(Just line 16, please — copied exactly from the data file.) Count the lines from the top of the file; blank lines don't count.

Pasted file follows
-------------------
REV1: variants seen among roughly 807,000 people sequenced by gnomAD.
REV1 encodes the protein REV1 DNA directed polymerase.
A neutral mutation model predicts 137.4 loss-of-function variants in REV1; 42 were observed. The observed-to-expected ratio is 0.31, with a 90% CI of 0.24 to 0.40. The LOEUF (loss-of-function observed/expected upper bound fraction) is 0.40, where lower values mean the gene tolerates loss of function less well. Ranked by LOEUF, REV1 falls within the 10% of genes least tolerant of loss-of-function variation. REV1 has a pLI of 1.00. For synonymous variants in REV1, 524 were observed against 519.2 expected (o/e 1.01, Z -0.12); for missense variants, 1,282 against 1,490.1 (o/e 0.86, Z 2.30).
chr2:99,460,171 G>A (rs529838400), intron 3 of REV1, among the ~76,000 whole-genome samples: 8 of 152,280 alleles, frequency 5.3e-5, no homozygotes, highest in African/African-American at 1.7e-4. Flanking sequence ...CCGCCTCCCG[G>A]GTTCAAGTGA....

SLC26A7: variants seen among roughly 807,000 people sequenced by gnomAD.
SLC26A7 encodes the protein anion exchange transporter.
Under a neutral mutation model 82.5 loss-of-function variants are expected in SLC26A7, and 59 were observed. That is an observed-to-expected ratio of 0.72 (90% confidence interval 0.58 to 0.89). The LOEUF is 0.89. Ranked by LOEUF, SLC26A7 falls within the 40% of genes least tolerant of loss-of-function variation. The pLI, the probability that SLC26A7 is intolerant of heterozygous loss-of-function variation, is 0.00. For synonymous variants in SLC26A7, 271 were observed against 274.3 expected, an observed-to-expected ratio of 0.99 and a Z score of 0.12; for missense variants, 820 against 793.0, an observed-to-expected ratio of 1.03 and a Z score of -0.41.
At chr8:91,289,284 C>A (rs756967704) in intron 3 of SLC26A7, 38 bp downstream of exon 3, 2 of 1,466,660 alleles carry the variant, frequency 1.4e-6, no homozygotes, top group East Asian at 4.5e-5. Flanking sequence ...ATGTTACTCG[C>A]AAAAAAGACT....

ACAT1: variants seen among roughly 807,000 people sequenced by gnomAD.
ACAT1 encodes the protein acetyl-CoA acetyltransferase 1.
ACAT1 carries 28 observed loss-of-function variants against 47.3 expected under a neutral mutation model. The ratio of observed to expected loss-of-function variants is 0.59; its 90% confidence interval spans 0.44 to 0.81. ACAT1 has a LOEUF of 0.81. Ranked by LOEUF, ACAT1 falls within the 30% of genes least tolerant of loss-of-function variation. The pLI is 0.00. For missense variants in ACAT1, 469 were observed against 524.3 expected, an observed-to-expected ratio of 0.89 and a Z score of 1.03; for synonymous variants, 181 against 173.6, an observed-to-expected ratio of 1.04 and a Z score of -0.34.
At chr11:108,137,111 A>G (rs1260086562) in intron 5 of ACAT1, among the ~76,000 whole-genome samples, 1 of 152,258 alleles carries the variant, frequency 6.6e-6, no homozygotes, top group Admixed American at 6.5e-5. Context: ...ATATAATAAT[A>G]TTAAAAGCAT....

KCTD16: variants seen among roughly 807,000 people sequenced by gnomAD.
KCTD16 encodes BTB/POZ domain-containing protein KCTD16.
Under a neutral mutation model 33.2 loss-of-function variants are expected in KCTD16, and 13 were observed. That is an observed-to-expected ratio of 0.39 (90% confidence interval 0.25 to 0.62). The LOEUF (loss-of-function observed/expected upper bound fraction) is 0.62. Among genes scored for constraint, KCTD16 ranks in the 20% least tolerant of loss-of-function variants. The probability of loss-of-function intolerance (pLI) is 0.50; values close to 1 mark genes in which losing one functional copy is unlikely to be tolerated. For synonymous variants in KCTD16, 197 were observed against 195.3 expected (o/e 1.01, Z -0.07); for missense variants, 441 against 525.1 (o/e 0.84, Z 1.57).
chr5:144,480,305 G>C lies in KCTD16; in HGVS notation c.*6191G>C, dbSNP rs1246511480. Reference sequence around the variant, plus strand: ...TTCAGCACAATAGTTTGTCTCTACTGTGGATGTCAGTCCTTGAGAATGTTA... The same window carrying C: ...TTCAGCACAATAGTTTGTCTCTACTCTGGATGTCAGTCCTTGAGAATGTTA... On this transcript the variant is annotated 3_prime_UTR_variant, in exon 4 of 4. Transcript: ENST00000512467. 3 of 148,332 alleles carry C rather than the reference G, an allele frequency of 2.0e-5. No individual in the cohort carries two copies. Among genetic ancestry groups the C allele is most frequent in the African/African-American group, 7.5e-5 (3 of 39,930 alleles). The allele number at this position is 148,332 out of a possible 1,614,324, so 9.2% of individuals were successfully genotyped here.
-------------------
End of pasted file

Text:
chr5:144,480,305 G>C lies in KCTD16; in HGVS notation c.*6191G>C, dbSNP rs1246511480. Reference sequence around the variant, plus strand: ...TTCAGCACAATAGTTTGTCTCTACTGTGGATGTCAGTCCTTGAGAATGTTA... The same window carrying C: ...TTCAGCACAATAGTTTGTCTCTACTCTGGATGTCAGTCCTTGAGAATGTTA... On this transcript the variant is annotated 3_prime_UTR_variant, in exon 4 of 4. Transcript: ENST00000512467. 3 of 148,332 alleles carry C rather than the reference G, an allele frequency of 2.0e-5. No individual in the cohort carries two copies. Among genetic ancestry groups the C allele is most frequent in the African/African-American group, 7.5e-5 (3 of 39,930 alleles). The allele number at this position is 148,332 out of a possible 1,614,324, so 9.2% of individuals were successfully genotyped here.